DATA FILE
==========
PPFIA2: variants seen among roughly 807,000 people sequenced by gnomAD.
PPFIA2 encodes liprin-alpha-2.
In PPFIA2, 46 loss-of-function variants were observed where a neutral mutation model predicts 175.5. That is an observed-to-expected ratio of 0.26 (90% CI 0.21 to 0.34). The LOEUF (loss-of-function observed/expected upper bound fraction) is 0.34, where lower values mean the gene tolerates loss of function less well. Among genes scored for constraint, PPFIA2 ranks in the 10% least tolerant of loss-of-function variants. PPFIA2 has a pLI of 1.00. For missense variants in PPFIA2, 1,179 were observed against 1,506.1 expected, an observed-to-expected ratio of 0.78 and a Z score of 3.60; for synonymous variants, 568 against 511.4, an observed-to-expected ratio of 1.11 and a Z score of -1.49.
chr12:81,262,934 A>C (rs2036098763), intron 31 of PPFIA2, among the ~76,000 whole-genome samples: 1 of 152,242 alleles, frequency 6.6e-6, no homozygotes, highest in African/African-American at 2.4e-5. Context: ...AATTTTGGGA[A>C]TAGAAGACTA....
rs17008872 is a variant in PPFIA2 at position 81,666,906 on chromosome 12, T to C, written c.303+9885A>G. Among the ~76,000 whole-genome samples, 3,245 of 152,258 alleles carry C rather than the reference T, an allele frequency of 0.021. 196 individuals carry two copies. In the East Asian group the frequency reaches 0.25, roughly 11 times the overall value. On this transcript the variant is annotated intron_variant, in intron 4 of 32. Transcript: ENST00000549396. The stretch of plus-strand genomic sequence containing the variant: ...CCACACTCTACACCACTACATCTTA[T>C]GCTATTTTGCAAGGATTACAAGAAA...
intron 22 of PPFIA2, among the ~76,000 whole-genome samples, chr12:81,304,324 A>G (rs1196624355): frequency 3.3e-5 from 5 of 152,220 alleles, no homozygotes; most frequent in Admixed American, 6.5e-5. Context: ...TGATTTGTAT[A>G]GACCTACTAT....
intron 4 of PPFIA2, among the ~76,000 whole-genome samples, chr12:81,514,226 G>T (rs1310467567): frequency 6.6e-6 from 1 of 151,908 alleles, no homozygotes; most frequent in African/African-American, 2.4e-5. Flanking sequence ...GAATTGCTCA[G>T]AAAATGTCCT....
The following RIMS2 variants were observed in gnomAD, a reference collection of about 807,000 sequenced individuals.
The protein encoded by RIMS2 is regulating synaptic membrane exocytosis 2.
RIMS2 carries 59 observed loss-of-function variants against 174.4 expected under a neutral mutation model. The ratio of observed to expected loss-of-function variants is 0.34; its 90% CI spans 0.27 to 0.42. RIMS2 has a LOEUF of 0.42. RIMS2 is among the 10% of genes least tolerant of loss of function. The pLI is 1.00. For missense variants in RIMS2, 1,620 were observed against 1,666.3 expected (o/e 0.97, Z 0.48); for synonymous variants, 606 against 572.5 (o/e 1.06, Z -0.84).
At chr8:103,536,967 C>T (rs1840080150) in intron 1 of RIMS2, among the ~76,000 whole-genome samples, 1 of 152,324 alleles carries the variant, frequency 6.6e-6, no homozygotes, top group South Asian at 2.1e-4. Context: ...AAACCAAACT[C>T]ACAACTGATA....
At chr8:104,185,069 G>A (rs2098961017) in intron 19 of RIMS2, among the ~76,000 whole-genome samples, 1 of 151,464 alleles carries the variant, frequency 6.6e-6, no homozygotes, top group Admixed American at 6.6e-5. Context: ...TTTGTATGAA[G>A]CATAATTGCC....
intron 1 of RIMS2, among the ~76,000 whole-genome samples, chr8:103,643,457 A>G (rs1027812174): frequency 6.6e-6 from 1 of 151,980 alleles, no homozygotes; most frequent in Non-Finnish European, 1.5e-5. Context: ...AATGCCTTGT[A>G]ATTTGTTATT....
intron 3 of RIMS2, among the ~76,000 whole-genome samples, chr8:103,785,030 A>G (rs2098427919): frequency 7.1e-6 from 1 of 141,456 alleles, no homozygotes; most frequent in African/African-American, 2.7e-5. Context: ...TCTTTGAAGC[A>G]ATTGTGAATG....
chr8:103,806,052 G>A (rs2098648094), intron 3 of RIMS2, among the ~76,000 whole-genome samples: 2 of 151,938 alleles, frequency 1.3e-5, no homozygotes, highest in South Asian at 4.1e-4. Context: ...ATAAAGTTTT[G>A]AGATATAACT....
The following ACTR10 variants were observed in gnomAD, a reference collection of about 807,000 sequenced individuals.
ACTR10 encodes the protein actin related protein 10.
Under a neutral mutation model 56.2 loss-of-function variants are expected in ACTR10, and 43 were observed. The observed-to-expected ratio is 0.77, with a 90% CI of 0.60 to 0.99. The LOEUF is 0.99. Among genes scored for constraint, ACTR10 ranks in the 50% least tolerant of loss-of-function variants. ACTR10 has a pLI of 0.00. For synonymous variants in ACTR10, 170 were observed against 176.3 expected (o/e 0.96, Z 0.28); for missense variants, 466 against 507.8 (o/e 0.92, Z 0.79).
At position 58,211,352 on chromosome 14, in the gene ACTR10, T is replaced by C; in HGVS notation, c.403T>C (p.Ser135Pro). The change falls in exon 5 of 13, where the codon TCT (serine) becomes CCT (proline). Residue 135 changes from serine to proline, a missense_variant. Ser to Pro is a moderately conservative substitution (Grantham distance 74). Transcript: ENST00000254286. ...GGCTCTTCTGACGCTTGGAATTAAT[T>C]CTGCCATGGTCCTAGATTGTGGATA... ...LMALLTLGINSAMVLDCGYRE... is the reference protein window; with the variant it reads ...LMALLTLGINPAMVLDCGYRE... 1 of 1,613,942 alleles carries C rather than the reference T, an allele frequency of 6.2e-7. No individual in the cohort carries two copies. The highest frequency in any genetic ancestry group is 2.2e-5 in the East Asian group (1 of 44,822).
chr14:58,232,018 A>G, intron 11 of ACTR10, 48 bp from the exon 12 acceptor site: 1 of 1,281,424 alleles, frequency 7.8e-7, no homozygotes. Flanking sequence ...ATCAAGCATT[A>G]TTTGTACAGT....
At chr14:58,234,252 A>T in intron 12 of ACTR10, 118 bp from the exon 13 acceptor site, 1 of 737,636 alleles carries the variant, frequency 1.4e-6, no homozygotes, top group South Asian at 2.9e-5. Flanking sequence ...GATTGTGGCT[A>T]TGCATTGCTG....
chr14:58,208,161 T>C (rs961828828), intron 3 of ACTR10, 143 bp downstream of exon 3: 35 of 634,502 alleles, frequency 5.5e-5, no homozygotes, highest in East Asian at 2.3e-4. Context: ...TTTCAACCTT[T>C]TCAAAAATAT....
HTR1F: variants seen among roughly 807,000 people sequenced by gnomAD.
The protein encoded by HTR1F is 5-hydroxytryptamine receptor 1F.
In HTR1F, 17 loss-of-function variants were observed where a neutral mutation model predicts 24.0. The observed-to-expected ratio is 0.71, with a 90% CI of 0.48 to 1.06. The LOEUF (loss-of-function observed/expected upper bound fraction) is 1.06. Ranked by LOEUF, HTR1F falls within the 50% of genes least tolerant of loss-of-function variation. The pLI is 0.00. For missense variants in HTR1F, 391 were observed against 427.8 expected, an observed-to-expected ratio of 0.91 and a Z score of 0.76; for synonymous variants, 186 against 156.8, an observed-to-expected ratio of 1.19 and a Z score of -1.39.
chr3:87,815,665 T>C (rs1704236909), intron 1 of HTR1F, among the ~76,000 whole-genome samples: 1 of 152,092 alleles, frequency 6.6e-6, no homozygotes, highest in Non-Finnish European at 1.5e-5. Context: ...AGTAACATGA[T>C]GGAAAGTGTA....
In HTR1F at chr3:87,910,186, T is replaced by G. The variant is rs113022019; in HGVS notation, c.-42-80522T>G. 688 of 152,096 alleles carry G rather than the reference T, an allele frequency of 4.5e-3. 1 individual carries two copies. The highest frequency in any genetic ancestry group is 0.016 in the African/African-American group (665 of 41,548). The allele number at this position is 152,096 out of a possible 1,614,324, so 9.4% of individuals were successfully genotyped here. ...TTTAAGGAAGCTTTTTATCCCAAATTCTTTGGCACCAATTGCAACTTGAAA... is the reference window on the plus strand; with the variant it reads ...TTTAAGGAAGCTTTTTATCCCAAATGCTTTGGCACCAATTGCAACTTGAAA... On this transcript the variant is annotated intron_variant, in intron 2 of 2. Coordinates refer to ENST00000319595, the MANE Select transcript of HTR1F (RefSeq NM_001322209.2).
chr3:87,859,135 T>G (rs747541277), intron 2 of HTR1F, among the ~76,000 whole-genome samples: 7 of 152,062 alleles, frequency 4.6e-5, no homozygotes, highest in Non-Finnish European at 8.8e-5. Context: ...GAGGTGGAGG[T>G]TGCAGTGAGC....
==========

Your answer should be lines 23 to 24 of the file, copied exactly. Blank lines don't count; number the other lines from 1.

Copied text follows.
HTR1F: variants seen among roughly 807,000 people sequenced by gnomAD.
The protein encoded by HTR1F is 5-hydroxytryptamine receptor 1F.